STRUCTURAL FRAME. Virtually any text or treatment about organizations provide some taxonomy of attributes or qualities that can be derived from organizations. In Reframing Organizations, Bolman and Deal use the device of the "structural frame" to identify the parts and components of an organization, and of their relationship to each other, both internally and externally.

SIZE. An organization could also be characterized in terms of its size, and in some instances size alone will be a factor in the strategic environment. The Boeing Company, the world's leading commercial jetliner manufacturer, announced that it will buy McDonnell Douglas, the top builder of military aircraft. The new company will be the world's largest aerospace enterprise with assets of nearly $44 billion dollars, and a workforce of nearly 210,000 employees. This consolidation creates a firm that will have instant impact on domestic and international issues associated with the aircraft industry. Size matters! Similar organizations, the Department of Defense, The International Red Cross, Greenpeace, Nike, and Reebok reflect size as a factor.

INTERNAL PROPERTIES. But there are also internal properties. In Reframing Organizations: Artistry, Choice, and Leadership, Bolman and Deal cite four "properties" of organizations:

1. Organizations are complex, because of the work, the variety of people, internal divisions (e.g., offices, branches, directorates), and relations with other components outside the organization. This follows from the notion described by VUCA. It is the very mix of task and work, people, communication, problem solving and decision making, and their permutations and combinations that produce both causal and accidental effects in any given circumstance.

2. Organizations are surprising, in that any prediction of the impact of plans considered in reaching a decision are not fully reliable. The actions of a leader can be misinterpreted by others, or as sometime happens, interpreted to fit a particular model held by one of the participants. The Iran-Contra scandal seemed to be caused in part by the interpretations of some members of the national security council staff as to the exact intentions of the President. Alexander George, writing in his book, Presidential Decisionmaking, discusses what he calls impediments to decision making in organizations, including tendencies to be narrow and parochial in identifying problems or in protecting the interests of one's own organization. Overstating the severity of problems, early dependence on proposed solutions, manipulation, and the use of procedural routines may be flaws and have negative effects on policies that are adopted.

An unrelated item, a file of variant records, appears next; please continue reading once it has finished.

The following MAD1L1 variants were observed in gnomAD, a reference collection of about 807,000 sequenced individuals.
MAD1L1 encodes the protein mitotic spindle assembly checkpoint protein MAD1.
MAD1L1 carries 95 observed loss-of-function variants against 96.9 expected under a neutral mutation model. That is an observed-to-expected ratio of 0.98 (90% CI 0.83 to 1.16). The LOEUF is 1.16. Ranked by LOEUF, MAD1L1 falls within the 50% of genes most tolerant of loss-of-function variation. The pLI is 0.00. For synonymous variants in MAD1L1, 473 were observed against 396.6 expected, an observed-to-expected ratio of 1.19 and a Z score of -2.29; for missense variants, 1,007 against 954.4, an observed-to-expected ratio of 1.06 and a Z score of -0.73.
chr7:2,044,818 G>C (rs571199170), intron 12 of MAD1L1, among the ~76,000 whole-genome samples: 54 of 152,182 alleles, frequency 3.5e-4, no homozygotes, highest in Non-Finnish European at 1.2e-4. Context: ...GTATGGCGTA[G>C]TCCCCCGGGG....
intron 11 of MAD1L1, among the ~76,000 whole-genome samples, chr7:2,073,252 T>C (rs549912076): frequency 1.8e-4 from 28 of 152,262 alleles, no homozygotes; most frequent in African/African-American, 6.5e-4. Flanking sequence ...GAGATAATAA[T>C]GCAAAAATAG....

3. Organizations are deceptive, in that structure, culture and practice frequently mask things that may really be occurring. The locker room of some professional or collegiate sports teams may be a better index of the true character of the team than the playing field itself. Ralph Nader exposed evidence that indicated that General Motors was producing a model of automobile that was "unsafe at any speed". Physicians, clergy, teachers, attorneys, jurists, and members of other respected professional organizations have sometimes concealed and withheld information from the public. Many organizations have hidden certain kinds of information that would be scandalous and harmful to the organization.

4. Organizations are ambiguous. Trying to figure out what really happens is complicated by such things as the quality and reliability of information, or the ability to properly identify the problem, or the size of the organization. It is not easy to know what might really be going on in an organization, and how the leader may be influencing its members.


MECHANICAL MODEL. There are still other ways to characterize organizations. One way is to see them in terms of a mechanical model which visualizes an organization in terms of inputs, processes, and outputs. In such a view, an organization is very much like a machine which might take a piece of metal or plastic, subject it to heat and pressure and other forces, and produce a component of an automobile. However, even in the mechanical view, and especially in terms of strategic decision making in government, the simple model becomes complex.

A simple input-output model describes inputs in terms of a set of information, options, and recommendations that are processed by the decision maker, and describes outputs as a complementary set of decisions, or actions for implementation. The process, comparable to a series of computerized machines on the factory floor, consists of a series of stages that inputs and outputs pass through. These stages are characterized by a cadre of people--gatekeepers, special assistants, counselors, secretaries, and confidants--whose perceived task is to help the decision maker understand the environment, and the sets of problems that emerge from it. A danger is that the problem may be so influenced by ministers and counselors that the decision maker may not see pure inputs; similarly, an executive decision might be distorted or even not acted upon by the bureaucracy or organization. In fact, at times, some agent acting on behalf of an executive might short circuit the process (Alexander George).